The Wall Street Journal
Michael Howard Saul
Mr. Bloomberg's overall job rating—49% approving and 42% disapproving—remained virtually unchanged since earlier this fall, but it is far below the 70%-range approval rating he enjoyed at the end of his second term, according to the survey from the Quinnipiac University Polling Institute. The poll found half of city voters believe the mayor has lost focus in his third term. [NYPOLL]
The poll also showed widespread support for so-called "living wage" legislation in the City Council that would require wages of at least $10 per hour on projects that receive significant public subsidies. Mr. Bloomberg opposes the legislation, and Council Speaker Christine Quinn has yet to take a position.
Last month, Mr. Bloomberg authorized the Police Department to raid Zuccotti Park, clearing out a nearly two-month-old encampment and arresting hundreds of protesters.
Democrats disapproved of the mayor's handling of the protest by a margin of 53% to 40%, while Republicans appeared more divided, with 50% approving of the mayor's performance and 48% disapproving. Among racial groups, disapproval was highest among Hispanics, with 55% knocking the mayor.
Voters gave the Police Department slightly higher marks than the mayor. They approved of the NYPD's handling of the protest, 50% to 46%. But the poll showed a wide racial gap, with white voters approving of the NYPD's performance by 60% and black voters disapproving by 59%. Hispanic voters were divided, with 47% approving and 50% disapproving.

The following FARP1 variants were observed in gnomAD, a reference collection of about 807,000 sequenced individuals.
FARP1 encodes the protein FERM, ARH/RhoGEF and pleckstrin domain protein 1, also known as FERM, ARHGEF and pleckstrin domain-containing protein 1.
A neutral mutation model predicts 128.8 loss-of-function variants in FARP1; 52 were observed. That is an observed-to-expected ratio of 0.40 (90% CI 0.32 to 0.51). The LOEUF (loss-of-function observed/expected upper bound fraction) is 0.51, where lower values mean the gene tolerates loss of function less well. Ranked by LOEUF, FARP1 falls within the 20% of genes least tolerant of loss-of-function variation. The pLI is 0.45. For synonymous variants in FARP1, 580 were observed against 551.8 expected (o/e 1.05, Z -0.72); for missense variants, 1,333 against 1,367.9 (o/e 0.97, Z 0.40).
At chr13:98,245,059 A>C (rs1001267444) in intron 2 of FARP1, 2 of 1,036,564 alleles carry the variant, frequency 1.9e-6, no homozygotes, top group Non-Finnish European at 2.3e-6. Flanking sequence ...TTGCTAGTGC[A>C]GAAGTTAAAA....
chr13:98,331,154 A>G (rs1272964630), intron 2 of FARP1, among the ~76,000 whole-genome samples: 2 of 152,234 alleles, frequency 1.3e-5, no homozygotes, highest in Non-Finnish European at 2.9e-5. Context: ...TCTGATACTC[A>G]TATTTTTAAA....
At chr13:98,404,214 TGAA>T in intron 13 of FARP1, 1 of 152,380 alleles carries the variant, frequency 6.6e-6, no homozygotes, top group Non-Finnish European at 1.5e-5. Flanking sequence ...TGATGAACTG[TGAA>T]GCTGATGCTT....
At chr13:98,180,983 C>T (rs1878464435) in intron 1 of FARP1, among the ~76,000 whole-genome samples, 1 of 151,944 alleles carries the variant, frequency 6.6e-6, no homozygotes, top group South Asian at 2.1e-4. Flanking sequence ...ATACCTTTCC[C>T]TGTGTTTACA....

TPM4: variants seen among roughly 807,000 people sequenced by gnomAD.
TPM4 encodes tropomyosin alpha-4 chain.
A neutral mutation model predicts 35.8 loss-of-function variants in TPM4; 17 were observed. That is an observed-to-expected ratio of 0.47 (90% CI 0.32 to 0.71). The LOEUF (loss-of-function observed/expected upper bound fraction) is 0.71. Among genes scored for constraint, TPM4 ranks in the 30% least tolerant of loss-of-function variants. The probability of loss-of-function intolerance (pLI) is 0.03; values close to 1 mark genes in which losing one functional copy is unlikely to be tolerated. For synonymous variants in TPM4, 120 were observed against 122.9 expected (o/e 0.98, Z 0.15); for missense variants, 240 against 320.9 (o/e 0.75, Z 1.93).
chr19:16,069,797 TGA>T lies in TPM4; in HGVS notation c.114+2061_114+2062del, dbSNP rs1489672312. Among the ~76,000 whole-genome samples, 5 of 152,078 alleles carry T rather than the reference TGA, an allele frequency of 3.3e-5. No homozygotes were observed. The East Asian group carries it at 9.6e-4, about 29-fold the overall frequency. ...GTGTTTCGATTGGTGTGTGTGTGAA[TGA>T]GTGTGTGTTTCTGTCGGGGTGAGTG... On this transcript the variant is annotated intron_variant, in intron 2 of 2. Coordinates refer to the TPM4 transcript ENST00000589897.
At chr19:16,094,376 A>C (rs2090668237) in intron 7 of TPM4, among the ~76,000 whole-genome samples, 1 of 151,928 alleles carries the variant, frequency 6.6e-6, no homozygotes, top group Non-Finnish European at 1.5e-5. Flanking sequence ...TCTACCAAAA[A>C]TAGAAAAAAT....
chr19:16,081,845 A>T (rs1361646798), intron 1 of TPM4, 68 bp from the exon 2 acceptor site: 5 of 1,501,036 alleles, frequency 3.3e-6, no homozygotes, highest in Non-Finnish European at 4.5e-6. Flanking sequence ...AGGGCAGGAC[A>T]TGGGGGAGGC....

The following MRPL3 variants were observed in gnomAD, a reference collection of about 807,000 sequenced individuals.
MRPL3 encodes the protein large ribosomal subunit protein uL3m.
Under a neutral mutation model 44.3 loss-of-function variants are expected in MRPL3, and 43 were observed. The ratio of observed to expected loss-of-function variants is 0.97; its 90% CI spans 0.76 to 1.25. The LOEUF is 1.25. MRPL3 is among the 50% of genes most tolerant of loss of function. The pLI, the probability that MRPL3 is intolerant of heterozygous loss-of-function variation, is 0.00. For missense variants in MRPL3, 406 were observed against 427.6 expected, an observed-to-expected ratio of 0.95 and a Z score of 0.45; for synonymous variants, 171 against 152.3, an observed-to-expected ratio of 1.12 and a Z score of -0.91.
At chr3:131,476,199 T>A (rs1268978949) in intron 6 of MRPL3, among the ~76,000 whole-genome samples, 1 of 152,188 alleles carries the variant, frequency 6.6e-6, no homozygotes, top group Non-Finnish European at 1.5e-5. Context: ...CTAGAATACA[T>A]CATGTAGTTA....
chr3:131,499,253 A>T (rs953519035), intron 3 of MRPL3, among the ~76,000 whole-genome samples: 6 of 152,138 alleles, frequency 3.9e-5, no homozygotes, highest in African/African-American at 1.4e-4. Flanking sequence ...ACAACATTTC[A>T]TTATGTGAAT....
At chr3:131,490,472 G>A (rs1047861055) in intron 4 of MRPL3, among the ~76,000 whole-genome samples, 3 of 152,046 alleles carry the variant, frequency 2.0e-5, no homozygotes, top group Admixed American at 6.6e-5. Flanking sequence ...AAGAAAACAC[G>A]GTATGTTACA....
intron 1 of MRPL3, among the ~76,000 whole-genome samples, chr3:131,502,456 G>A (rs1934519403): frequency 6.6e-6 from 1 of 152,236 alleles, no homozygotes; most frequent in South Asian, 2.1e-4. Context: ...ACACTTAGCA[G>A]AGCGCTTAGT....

Police Commissioner Raymond Kelly's overall job approval rating remains high at 66%, while the department received an overall approval rating of 62%.
More than two-thirds of city voters said they generally agree with the protesters' views, regardless of how they felt about the protest itself. Most people polled said they favored tougher regulations on banks and Wall Street firms.
"The Occupy Wall Street protesters out-scored Mayor Michael Bloomberg in the eyes of New York City voters: The mayor gets a slightly negative grade for the way he handled the situation while the protesters get a slightly positive grade," said Maurice Carroll, the institute's director.
On the living wage bill, 74% of city voters said they thought it was a good idea to mandate higher wages for projects that receive taxpayer subsidies. Among Republicans, support was 56%, and among Democrats it was 83%.
More than 80% of voters said they believe it is government's responsibility to ensure that workers are paid a decent wage. The fate of the bill rests in the hands of Ms. Quinn, a close ally of Mr. Bloomberg and a potential candidate for mayor in 2013.